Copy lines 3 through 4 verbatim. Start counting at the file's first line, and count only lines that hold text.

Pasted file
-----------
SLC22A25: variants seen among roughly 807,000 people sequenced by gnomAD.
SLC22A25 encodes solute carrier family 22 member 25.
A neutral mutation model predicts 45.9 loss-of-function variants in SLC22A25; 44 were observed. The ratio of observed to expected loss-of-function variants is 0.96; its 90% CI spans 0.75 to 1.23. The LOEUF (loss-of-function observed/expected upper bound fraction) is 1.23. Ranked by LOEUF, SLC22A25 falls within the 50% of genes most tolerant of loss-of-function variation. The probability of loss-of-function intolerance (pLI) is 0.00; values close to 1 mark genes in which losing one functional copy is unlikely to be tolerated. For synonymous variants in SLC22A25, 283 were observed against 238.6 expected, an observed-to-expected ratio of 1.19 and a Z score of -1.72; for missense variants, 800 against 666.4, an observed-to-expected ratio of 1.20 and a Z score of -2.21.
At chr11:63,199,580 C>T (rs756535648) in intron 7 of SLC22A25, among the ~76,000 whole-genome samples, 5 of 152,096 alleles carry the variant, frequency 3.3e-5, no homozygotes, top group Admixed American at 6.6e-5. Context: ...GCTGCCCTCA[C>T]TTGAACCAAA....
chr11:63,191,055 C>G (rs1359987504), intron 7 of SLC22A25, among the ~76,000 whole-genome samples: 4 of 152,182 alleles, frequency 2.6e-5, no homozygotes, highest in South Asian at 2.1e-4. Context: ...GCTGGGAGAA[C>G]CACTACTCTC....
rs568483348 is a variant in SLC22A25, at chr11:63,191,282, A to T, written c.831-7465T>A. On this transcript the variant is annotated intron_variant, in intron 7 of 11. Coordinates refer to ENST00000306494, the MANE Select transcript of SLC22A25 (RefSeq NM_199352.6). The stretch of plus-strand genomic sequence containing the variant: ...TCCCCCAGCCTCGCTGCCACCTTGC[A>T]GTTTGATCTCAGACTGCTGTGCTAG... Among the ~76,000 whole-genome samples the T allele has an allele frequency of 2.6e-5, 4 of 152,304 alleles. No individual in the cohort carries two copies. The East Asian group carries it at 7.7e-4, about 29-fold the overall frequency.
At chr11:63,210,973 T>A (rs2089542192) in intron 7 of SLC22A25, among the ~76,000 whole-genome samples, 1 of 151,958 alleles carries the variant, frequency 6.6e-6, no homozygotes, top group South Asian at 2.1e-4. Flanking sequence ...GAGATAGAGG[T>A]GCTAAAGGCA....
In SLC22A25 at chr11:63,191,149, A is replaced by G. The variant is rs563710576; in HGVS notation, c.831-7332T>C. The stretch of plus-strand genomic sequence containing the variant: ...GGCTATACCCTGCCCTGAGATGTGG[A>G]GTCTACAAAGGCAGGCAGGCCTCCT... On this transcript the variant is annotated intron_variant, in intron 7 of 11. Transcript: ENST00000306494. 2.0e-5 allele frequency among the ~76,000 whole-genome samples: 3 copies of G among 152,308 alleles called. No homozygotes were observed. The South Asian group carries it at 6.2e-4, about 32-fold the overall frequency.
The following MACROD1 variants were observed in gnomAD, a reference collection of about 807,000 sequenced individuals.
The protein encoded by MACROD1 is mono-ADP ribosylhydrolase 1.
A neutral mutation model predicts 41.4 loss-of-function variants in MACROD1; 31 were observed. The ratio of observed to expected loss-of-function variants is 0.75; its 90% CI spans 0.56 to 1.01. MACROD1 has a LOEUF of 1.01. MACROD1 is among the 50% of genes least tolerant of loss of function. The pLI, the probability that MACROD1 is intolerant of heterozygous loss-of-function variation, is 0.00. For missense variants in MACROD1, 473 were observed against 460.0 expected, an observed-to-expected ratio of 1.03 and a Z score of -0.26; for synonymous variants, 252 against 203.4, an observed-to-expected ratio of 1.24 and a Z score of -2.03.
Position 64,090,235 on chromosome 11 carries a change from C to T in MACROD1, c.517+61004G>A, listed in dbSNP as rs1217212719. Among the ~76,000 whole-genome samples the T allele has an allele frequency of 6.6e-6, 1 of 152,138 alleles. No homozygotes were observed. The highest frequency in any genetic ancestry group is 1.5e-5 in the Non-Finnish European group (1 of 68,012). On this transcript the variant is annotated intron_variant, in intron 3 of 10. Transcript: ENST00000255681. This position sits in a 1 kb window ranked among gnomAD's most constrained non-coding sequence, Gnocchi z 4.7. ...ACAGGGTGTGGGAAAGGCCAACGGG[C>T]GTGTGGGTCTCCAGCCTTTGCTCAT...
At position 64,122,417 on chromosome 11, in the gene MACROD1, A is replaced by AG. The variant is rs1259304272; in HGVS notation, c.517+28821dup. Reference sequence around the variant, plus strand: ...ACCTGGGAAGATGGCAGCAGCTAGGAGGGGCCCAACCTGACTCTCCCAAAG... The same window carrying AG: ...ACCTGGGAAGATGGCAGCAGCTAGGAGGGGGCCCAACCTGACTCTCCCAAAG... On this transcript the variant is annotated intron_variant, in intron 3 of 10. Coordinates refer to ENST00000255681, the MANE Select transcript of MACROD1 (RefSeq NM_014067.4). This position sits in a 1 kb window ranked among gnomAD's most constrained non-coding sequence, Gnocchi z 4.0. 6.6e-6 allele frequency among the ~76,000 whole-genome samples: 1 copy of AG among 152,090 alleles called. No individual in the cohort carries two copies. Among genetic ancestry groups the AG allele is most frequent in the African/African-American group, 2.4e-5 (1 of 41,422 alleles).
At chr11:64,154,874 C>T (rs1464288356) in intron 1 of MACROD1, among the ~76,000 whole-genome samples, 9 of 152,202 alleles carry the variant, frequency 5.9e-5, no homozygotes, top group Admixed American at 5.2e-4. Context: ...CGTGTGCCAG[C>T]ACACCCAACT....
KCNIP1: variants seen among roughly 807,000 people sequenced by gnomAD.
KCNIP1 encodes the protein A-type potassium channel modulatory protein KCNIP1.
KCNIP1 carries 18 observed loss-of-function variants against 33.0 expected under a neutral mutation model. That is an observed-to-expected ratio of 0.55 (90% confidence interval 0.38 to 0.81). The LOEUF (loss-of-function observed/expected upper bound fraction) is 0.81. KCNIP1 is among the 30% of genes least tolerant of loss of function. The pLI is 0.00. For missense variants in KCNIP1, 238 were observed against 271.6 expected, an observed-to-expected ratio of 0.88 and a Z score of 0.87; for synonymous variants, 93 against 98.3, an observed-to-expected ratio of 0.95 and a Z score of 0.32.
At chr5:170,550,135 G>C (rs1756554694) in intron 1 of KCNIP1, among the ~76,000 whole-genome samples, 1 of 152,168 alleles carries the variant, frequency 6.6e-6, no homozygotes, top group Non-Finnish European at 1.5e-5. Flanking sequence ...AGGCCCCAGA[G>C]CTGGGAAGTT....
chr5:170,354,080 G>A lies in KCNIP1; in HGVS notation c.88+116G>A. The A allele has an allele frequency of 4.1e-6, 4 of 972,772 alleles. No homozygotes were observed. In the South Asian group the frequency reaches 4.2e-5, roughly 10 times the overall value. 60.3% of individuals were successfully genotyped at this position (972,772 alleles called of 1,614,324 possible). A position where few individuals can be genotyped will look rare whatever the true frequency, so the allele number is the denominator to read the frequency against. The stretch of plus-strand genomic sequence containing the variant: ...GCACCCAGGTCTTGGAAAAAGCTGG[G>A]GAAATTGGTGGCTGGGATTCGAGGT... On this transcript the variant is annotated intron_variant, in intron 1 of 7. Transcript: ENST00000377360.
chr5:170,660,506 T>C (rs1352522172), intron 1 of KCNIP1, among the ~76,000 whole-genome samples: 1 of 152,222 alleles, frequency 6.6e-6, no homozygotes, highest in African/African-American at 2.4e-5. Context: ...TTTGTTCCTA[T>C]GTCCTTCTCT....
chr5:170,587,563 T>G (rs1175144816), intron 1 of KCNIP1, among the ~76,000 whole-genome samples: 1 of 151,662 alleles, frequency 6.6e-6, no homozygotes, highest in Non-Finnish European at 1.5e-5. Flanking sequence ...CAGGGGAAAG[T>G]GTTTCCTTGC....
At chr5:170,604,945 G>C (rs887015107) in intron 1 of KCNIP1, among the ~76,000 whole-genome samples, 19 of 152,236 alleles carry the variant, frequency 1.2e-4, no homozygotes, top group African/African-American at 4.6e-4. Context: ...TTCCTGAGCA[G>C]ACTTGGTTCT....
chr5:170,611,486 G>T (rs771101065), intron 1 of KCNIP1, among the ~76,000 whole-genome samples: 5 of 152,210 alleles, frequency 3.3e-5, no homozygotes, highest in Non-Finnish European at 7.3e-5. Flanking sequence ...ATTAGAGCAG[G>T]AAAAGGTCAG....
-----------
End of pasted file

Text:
A neutral mutation model predicts 45.9 loss-of-function variants in SLC22A25; 44 were observed. The ratio of observed to expected loss-of-function variants is 0.96; its 90% CI spans 0.75 to 1.23. The LOEUF (loss-of-function observed/expected upper bound fraction) is 1.23. Ranked by LOEUF, SLC22A25 falls within the 50% of genes most tolerant of loss-of-function variation. The probability of loss-of-function intolerance (pLI) is 0.00; values close to 1 mark genes in which losing one functional copy is unlikely to be tolerated. For synonymous variants in SLC22A25, 283 were observed against 238.6 expected, an observed-to-expected ratio of 1.19 and a Z score of -1.72; for missense variants, 800 against 666.4, an observed-to-expected ratio of 1.20 and a Z score of -2.21.
At chr11:63,199,580 C>T (rs756535648) in intron 7 of SLC22A25, among the ~76,000 whole-genome samples, 5 of 152,096 alleles carry the variant, frequency 3.3e-5, no homozygotes, top group Admixed American at 6.6e-5. Context: ...GCTGCCCTCA[C>T]TTGAACCAAA....